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Sorry, this post isn’t an instruction manual. Although I have a few thoughts on the topic and most of them revolve around surrounding yourself with people who share your values.

I recently returned home from a vacation in Denver. My husband and I drove out to see my sister’s family and we were gone about 10 days. Usually when I return from a vacation, I feel listless and unexcitable. I feel run down, a bit sad, and sometimes engulfed in self-pity, of the sort that involves jealousy toward what others have. So I was a caught a bit off guard when after four days back at work I was still in good spirits.

Don’t get me wrong. I’m a pretty upbeat person. I don’t believe a cloud of doom follows me around. I eat well, sleep well, and workout regularly. (My mom believes these are the tenets of keeping depression at bay and I’ve come to sort of agree with her.) However, I am very susceptible to self-pity when it comes to money, what people earn, the material possessions they can afford, how they can decorate their house, etc. I’m good at eventually finding the balance and talking myself out of my wallowing but it usually has a way of smacking me upside the head now and then. (Needless to say, I hate going to the mall.)

That’s the small picture you have of me: a smart, feisty, frugal, dog-adoring, travel-loving vegetarian who’s prone to bouts of horrible envy that often unfortunately lead her to marginalizing the best parts of her own life. Acceptance is the first step to self help. I’m a work in progress.

Anyways, after being back at work, still feeling energized, nonjudgmental, and generally optimistic, I started to think about where these feelings came from. Sure, I was drinking a lot more green tea. Could that be it? Could it be such a simplistic Zen explanation? I wasn’t having worlds more sex and I hadn’t recently received a bonus. (Those two are predictable triggers for me and increased happiness.) So what was it?

My sister. I think it was the result of spending time with someone whom not only do I love but whom I also view as happy and reasonable. When it comes to money, she never has as much as she wants but she has enough — a very important distinction. She doesn’t decorate her house with items from fancy stores. She doesn’t have top of the line frying pans. She walked around in an adorable pair of jeans she bought at Goodwill, where she also happens to buy plenty of her baby’s clothes. They hosted a large Thanksgiving dinner party for two dozen adults, a smattering of babies, many dogs and it was incredibly casual. They needed more plates, so they found some at a thrift store. She and her husband didn’t buy gifts for Christmas; she made him three candle holders out of cut-down tree branches.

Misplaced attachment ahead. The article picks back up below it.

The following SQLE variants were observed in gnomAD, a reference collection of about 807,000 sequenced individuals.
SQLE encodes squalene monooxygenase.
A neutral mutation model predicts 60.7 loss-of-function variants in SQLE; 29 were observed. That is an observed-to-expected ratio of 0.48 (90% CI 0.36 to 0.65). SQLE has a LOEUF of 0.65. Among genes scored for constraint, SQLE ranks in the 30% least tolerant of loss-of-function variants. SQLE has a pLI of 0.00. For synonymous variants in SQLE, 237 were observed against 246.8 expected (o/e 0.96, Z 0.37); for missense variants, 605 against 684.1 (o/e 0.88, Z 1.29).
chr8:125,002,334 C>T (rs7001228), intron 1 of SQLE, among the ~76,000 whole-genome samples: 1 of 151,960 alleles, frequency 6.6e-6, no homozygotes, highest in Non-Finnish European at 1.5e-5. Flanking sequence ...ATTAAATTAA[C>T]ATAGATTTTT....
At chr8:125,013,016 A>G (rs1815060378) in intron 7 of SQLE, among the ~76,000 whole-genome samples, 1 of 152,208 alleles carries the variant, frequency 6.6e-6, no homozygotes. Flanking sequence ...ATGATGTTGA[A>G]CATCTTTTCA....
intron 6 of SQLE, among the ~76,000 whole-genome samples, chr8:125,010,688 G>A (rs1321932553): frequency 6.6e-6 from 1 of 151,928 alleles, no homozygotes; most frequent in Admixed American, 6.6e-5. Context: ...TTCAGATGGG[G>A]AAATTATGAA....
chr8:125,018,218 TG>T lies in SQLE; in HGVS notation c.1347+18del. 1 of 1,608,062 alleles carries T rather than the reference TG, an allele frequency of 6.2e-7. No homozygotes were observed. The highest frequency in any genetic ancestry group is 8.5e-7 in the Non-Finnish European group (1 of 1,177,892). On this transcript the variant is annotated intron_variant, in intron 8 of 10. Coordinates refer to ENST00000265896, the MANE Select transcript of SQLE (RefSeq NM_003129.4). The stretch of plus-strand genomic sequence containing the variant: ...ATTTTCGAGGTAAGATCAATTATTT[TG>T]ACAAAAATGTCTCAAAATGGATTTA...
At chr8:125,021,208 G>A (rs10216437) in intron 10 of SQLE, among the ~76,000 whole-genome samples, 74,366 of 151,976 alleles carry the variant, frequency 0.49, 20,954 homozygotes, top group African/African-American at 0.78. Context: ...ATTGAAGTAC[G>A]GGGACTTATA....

But on top of all of this, she doesn’t brag about these facts. I really don’t even think she notices them in much the same way that maybe we don’t even know the street names when we drive to work because we’re just so used to our routine. I don’t need to rehash how easy it is to get caught up in wanting what the Jones family has. We all know the rat race. That’s why it’s incredibly refreshing and peaceful to hang out with someone where this doesn’t even matter, where the want for more isn’t even a conversation piece.

I think spending time with her helped me center myself. It was a chance to slow down and appreciate the little things. Her baby boy doesn’t care about riding around in a pink car seat that was a hand-me-down. He doesn’t know if she makes $30 grand a year or $100,000.  He doesn’t know if there was a better choice for dinner that he’s missing. He’s healthy and chubby and smiley and proud and in love with his mom. He’s a ball of adorableness and sweetness and tenderness that makes your heart swell and just crush everything else in your thoughts. He’s as beautiful in used clothes as he is in brand-new duds. He’s happy if his highchair has cheerios or peaches and strands of dog hair sticking to it. He doesn’t care about hair styling products and duvets and more expensive curtain rods. He doesn’t know that there might be a more expensive day care center; he’s just happy being doted on and squealing with all the other kids and being spoiled where he is.

Truly, isn’t that what life is all about? Isn’t that the secret that everyone knows and always forgets? Maybelline’s new nail polish color isn’t going to make your Friday night any better. A pair of jeans that costs $125 isn’t going to change the quality of your life. I’m not saying that happiness is borne from not spending money. If you’re lucky to have disposable income, good for you. You probably worked hard. I’m saying that you’re more likely to be happy when you know what enough looks like.

Enough isn’t always a raise, a bigger house, a status symbol of a car. Enough is having a brother-in-law you love, a sister that is one of your best friends, and the world’s most perfect human as a nephew. Enough is actually wanting to spend your time off from work with your family. Enough is just time. It’s being alive and being able to enjoy having a breakfast together, walking around the dog park together, feeding your dogs together, finishing another bottle of wine, looking into a baby’s big eyes. It’s being able to afford new tires so you can drive 1,400 miles to make that visit happen.

The days are long but the years are short. Who knows what the future will bring and if we’ll ever have that much time for the extended vacation out west. Who knows how much bigger my nephew will be or when I’ll even see him again. I’m thankful for having a husband who wants to have that vacation with me. I’m thankful that I even get vacation time at my job. I’m thankful for my family. That’s what enough is.

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